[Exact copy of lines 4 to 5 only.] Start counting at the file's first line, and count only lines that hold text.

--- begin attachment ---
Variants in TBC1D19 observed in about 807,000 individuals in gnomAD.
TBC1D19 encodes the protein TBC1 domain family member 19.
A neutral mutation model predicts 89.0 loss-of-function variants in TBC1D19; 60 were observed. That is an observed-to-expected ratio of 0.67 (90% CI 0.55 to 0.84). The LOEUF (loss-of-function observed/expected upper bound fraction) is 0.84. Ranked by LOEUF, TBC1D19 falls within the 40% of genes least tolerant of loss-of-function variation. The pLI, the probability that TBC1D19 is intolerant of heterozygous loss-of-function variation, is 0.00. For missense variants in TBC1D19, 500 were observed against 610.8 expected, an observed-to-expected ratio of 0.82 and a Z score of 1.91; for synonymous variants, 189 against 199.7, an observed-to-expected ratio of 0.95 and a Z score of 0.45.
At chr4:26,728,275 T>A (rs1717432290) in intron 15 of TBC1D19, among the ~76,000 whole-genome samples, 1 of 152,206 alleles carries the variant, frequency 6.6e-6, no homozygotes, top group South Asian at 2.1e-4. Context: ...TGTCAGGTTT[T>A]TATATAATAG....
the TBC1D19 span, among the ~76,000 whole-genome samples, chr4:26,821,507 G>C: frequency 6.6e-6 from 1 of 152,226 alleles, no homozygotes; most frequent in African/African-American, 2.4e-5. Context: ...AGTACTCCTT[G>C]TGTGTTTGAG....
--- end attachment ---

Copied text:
At chr4:26,728,275 T>A (rs1717432290) in intron 15 of TBC1D19, among the ~76,000 whole-genome samples, 1 of 152,206 alleles carries the variant, frequency 6.6e-6, no homozygotes, top group South Asian at 2.1e-4. Context: ...TGTCAGGTTT[T>A]TATATAATAG....
the TBC1D19 span, among the ~76,000 whole-genome samples, chr4:26,821,507 G>C: frequency 6.6e-6 from 1 of 152,226 alleles, no homozygotes; most frequent in African/African-American, 2.4e-5. Context: ...AGTACTCCTT[G>C]TGTGTTTGAG....